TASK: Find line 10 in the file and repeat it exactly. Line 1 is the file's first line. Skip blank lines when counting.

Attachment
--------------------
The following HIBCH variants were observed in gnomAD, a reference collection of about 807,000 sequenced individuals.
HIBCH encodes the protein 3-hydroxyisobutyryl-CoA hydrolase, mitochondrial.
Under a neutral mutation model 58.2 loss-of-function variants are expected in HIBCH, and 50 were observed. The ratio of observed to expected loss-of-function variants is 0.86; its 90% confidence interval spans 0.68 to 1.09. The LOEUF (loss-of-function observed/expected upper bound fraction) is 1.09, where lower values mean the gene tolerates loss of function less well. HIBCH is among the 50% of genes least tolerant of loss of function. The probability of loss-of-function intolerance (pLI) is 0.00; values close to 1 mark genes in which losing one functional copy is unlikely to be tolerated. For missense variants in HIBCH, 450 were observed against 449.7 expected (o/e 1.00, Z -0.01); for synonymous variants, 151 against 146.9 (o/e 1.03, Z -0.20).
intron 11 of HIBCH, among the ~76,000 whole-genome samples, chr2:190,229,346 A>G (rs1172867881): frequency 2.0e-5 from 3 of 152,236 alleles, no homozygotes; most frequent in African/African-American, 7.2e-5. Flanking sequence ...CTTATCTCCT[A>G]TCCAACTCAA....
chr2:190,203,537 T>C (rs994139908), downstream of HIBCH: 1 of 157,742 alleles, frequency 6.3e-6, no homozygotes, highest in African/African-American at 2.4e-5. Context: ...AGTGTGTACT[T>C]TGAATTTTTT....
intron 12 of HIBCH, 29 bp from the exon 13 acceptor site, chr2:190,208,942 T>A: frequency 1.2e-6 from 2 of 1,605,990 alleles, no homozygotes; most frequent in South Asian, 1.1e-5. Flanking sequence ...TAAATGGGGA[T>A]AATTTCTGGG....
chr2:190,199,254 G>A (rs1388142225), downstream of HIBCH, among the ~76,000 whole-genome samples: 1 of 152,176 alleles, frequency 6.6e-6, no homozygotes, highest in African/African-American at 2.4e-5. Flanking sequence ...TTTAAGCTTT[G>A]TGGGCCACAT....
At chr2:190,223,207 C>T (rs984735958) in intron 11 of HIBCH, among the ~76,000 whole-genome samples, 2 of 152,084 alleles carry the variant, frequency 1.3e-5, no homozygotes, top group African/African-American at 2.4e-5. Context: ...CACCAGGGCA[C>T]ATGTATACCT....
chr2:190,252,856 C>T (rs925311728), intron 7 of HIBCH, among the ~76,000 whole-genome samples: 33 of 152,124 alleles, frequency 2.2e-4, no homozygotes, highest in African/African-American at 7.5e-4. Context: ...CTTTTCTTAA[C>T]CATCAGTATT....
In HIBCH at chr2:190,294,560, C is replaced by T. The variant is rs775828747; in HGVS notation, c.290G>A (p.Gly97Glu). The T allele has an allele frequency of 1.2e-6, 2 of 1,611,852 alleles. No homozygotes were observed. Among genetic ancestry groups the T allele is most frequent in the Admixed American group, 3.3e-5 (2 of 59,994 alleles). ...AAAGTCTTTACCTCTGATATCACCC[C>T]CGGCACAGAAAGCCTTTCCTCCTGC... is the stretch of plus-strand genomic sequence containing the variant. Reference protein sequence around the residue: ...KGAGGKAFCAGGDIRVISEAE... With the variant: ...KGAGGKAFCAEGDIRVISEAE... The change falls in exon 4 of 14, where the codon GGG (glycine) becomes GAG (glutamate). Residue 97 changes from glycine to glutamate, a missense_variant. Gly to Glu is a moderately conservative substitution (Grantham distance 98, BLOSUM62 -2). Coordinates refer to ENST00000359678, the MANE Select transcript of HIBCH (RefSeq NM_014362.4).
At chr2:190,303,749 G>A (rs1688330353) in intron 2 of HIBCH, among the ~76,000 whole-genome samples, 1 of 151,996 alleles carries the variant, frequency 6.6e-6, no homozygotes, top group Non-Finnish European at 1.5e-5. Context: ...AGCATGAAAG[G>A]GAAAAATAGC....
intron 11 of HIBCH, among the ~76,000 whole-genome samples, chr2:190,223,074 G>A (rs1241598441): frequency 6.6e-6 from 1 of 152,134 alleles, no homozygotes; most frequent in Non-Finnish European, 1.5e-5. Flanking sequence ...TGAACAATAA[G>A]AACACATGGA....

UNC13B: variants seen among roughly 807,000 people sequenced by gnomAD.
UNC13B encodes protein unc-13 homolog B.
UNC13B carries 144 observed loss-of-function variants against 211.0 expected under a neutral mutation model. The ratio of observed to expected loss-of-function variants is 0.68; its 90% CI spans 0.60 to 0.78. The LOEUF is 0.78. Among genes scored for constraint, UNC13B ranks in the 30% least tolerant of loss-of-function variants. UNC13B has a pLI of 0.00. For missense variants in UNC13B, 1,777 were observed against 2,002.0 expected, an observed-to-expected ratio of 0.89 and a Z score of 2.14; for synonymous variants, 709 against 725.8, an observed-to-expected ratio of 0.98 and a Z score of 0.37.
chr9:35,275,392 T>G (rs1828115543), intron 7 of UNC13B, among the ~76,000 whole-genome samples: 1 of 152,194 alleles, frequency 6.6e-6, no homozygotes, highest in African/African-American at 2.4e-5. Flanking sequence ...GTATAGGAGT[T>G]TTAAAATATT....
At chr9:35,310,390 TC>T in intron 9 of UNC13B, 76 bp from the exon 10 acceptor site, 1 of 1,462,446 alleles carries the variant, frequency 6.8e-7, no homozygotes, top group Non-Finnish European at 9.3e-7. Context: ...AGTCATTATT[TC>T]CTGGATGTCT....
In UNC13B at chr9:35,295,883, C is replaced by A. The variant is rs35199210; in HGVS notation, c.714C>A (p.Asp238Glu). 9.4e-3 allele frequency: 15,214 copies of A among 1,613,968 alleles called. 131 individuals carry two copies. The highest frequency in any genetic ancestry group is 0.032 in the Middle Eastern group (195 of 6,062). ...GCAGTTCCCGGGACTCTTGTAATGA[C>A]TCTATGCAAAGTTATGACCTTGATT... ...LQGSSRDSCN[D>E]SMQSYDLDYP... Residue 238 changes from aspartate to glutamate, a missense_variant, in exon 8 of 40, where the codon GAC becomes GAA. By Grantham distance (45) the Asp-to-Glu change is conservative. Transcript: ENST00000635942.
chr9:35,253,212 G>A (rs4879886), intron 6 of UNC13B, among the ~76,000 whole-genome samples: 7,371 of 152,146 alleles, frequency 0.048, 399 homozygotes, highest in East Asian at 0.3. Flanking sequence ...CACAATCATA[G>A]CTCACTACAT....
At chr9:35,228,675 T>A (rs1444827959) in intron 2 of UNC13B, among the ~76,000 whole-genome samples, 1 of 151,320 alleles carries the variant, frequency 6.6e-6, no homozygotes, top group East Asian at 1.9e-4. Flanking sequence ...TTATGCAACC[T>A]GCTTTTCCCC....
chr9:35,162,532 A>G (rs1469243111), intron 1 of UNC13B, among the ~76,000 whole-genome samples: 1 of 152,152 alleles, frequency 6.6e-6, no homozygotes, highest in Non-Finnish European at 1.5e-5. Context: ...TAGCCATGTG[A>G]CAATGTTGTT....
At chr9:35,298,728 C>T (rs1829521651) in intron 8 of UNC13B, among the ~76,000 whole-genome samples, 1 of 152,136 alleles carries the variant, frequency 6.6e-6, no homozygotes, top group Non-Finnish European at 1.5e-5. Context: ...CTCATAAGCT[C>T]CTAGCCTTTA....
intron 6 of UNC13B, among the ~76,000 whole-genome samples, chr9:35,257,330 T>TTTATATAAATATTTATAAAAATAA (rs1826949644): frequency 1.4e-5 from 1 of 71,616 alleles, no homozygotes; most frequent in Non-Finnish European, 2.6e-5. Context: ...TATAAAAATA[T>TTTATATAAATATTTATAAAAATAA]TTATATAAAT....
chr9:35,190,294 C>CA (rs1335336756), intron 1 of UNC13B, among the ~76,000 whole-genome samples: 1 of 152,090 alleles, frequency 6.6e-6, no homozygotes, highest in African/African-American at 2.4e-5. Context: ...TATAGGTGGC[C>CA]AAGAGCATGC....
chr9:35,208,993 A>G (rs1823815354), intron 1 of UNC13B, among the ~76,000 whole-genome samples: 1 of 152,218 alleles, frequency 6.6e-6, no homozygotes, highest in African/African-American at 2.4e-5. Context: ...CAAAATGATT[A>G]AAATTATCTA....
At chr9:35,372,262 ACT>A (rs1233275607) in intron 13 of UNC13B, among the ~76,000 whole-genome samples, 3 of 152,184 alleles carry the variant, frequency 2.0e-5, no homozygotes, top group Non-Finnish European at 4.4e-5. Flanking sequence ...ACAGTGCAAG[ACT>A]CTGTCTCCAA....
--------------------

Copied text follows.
In HIBCH at chr2:190,294,560, C is replaced by T. The variant is rs775828747; in HGVS notation, c.290G>A (p.Gly97Glu). The T allele has an allele frequency of 1.2e-6, 2 of 1,611,852 alleles. No homozygotes were observed. Among genetic ancestry groups the T allele is most frequent in the Admixed American group, 3.3e-5 (2 of 59,994 alleles). ...AAAGTCTTTACCTCTGATATCACCC[C>T]CGGCACAGAAAGCCTTTCCTCCTGC... is the stretch of plus-strand genomic sequence containing the variant. Reference protein sequence around the residue: ...KGAGGKAFCAGGDIRVISEAE... With the variant: ...KGAGGKAFCAEGDIRVISEAE... The change falls in exon 4 of 14, where the codon GGG (glycine) becomes GAG (glutamate). Residue 97 changes from glycine to glutamate, a missense_variant. Gly to Glu is a moderately conservative substitution (Grantham distance 98, BLOSUM62 -2). Coordinates refer to ENST00000359678, the MANE Select transcript of HIBCH (RefSeq NM_014362.4).